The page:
Utility customers win $775 million back from San Onofre deal criticized as lopsided against them
Plant owners and consumer attorneys have struck a bargain in the long-running dispute over who pays for the failure of the San Onofre nuclear plant.
Southern California Edison and San Diego Gas & Electric agreed to shave $775 million from the multibillion-dollar pact that allowed them to charge millions of ratepayers for the plant in northern San Diego County, which shut down in January 2012 amid a radiation leak.
For 6.4 million customers across Southern California, the savings will total $121 on the average bill over four years.
The agreement was announced Tuesday after a settlement conference in San Francisco between utility and consumer attorneys. It would supersede a 2014 plan approved by regulators that imposed $3.3 billion of the estimated $4.7 billion in costs related to the San Onofre Nuclear Generating Station failure on customers, as opposed to utility shareholders.
State regulators must sign off on the settlement before it takes effect.
The primary negotiators — utility lawyers and the Aguirre & Severson law firm in San Diego — signaled their agreement to more favorable terms for customers three weeks ago, when they notified the commission they planned to schedule settlement talks in the long-running dispute.
The specific terms were not disclosed until the meeting concluded late Tuesday.
In short, Edison and SDG&E agreed to forsake any further collections related to the broken nuclear plant through February 2022, when the assessments were scheduled to stop under the original 2014 agreement. Edison agreed to reimburse SDG&E for $151 million that won’t be collected from customers.
“This is great news for ratepayers,” said attorney Maria Severson. “It was the courage of the federal-court plaintiffs and their willingness to go to court that made this happen.”
Edison owns almost 80% of the plant, and SDG&E is a minority owner.
“We are pleased to be able to bring closure to this issue,” Edison President Ron Nichols said in a statement. “The parties undertook extensive efforts over many months to reach agreement, and SCE looks forward to timely regulatory approval.”
Michael Aguirre, a former federal prosecutor and San Diego city attorney, sued the California Public Utilities Commission and Edison in 2014, claiming the initial deal amounted to an illegal taking of property. The argument was rejected in U.S. District Court but the U.S. 9th Circuit Court of Appeals took up the case.
The original agreement was approved by the utilities commission in November 2014, and revelations soon thereafter called its fairness into question — including reporting by the San Diego Union-Tribune on an undisclosed meeting in Poland in 2013 that shaped the terms. Edison disclosed the meeting days after the Union-Tribune report and was fined $16.7 million for related violations.
“Making a deal in a Warsaw hotel is among the most absurd and unlawful conduct that’s been disclosed in years,” said Aguirre, who filed multiple lawsuits and dozens of demands for public records in his quest to overturn the 2014 settlement.
Aguirre & Severson will collect attorney fees of just over $5.4 million — the first time the firm will receive compensation for its litigation challenging the San Onofre costs.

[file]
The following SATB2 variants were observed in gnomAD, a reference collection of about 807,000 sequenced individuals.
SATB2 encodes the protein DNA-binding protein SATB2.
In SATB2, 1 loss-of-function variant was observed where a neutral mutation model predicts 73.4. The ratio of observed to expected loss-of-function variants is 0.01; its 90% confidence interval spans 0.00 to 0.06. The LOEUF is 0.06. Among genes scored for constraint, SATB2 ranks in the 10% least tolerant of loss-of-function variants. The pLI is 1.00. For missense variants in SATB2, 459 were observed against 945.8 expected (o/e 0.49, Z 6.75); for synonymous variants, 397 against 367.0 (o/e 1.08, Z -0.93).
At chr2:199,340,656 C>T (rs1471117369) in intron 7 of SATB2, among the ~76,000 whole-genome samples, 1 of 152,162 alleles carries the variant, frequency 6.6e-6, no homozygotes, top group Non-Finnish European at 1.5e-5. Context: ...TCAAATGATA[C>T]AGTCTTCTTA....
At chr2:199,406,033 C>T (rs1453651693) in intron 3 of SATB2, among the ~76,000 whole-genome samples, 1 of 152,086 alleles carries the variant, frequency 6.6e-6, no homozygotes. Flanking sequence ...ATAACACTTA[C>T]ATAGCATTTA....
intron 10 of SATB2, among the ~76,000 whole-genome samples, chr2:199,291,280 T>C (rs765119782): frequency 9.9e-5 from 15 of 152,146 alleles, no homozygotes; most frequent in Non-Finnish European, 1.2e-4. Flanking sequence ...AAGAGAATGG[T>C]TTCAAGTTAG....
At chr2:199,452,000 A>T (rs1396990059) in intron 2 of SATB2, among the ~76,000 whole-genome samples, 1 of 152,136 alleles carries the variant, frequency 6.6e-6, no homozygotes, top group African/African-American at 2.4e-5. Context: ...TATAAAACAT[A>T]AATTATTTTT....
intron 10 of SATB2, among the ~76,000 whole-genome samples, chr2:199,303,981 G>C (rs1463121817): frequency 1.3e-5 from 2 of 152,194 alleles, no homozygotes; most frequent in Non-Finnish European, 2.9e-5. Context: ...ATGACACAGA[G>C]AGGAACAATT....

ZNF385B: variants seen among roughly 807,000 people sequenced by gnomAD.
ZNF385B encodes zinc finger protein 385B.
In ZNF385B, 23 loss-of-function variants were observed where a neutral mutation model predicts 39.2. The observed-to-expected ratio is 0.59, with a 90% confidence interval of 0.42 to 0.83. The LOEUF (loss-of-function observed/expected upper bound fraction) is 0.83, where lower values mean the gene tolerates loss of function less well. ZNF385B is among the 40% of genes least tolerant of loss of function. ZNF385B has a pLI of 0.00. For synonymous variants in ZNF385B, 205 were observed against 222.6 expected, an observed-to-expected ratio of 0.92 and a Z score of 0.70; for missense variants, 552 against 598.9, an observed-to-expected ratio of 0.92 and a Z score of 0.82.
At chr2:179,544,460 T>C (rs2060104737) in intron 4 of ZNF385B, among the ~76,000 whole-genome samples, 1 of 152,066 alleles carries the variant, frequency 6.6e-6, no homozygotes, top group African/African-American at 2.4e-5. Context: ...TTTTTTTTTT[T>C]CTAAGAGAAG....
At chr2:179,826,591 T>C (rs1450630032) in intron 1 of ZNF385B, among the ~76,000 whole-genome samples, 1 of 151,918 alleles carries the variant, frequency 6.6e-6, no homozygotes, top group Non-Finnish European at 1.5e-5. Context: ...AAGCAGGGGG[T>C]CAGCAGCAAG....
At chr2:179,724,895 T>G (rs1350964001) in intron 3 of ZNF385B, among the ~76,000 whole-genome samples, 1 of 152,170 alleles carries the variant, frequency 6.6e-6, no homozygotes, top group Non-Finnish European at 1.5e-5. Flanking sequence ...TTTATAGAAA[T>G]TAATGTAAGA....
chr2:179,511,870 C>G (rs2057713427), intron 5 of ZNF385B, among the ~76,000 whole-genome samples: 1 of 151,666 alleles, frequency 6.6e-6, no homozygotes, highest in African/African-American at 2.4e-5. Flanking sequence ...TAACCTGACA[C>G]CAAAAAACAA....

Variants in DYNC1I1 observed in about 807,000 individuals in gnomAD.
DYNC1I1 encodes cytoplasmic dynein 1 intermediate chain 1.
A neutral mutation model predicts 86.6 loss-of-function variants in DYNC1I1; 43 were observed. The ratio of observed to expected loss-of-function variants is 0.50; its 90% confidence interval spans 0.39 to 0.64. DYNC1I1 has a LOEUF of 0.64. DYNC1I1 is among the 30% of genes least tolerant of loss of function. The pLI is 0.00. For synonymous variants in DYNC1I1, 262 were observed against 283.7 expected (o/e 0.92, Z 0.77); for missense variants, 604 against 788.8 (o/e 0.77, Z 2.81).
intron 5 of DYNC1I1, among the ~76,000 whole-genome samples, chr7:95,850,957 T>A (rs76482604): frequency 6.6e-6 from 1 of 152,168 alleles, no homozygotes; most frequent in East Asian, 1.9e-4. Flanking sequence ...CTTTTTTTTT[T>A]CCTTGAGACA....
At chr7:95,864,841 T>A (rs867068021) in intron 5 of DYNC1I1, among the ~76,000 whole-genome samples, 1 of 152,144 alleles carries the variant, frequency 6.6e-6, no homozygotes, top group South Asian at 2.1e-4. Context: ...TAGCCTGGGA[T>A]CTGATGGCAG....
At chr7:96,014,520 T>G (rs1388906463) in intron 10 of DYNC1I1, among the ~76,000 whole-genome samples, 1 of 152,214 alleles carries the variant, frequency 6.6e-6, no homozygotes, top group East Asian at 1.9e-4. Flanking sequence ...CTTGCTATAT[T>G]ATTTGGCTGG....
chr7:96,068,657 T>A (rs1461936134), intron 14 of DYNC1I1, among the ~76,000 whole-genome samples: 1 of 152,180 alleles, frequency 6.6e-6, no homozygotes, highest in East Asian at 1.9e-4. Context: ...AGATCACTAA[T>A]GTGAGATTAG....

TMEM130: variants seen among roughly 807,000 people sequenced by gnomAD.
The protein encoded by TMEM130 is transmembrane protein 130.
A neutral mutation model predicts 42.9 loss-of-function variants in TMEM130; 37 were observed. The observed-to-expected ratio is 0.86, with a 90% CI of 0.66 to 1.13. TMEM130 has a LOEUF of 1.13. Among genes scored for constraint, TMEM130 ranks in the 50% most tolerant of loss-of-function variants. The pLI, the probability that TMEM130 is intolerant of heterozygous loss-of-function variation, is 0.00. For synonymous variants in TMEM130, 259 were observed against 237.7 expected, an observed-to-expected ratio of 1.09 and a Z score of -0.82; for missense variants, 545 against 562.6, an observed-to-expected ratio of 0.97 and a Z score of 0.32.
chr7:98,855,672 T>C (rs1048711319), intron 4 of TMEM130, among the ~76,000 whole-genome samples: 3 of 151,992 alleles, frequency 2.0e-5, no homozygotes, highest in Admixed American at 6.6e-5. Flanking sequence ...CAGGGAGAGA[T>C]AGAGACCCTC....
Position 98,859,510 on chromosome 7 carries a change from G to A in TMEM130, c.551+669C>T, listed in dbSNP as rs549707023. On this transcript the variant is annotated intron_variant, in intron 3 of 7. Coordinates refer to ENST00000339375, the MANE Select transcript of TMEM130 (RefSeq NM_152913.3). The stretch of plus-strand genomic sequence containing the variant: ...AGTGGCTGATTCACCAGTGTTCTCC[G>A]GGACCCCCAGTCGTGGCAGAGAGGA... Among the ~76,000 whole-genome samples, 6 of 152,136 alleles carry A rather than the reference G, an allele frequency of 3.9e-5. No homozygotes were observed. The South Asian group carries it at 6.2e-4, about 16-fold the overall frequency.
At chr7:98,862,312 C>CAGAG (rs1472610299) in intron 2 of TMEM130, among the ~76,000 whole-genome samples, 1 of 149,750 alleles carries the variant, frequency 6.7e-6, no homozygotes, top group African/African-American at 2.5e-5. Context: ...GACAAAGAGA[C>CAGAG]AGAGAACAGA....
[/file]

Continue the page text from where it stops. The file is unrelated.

Other consumer advocates hailed the agreement as a historic win for ratepayers.
“It is a boatload of disgorgement,” said attorney John Geesman of the nonprofit Alliance for Nuclear Responsibility, using the legal term for the act of giving up illegal profits. “It represents a pragmatic compromise on both sides.”
Notes from the March 2013 meeting in Poland spelled out a series of deal points, most of which made their way into the settlement that was approved unanimously in November 2014.
One of the terms negotiated between regulators and an Edison executive at the Hotel Bristol Warsaw — $25 million from the utilities to pay for greenhouse gas research at the University of California — was disavowed in the latest agreement.
Instead, the two utilities will contribute a total of $12.5 million to support climate-change research conducted at Cal State campuses. Edison shareholders will donate $2 million a year over the next five years and SDG&E will give $500,000.
Parties to the settlement also agreed not to besmirch the utilities or assign any liability to the plant owners in public discussions.
Charles Langley of the group Public Watchdogs, not a party to the settlement, criticized the new deal for being struck much the same way as the old one — out of the public’s view.
“The failure of San Onofre was caused by Southern California Edison’s failure to deploy equipment that was approved by the [Nuclear Regulatory Commission],” Langley said. “This failure was 100% the fault of Edison, and it is an abortion of justice to ask ratepayers to pay anything.”
The San Onofre nuclear plant was a mainstay in the regional power supply for decades, generating some 2,200 megawatts of electricity.
Six years ago, the facility was closed after newly installed replacement steam generators wore thin and leaked radiation. The $680-million upgrade was supposed to add up to 40 years to the life of the plant.
Edison has always blamed the plant’s failure on Mitsubishi Heavy Industries, maker of replacement steam generators. Edison was awarded $125 million in an arbitration case with the manufacturer.
“SCE is focused on safely decommissioning the nuclear plant, guided by core principles of safety, stewardship and engagement,” the company said in a statement Tuesday.
Jan. 31, noon: This article was edited and tightened throughout.
This article was originally published Jan. 30 at 8 p.m.
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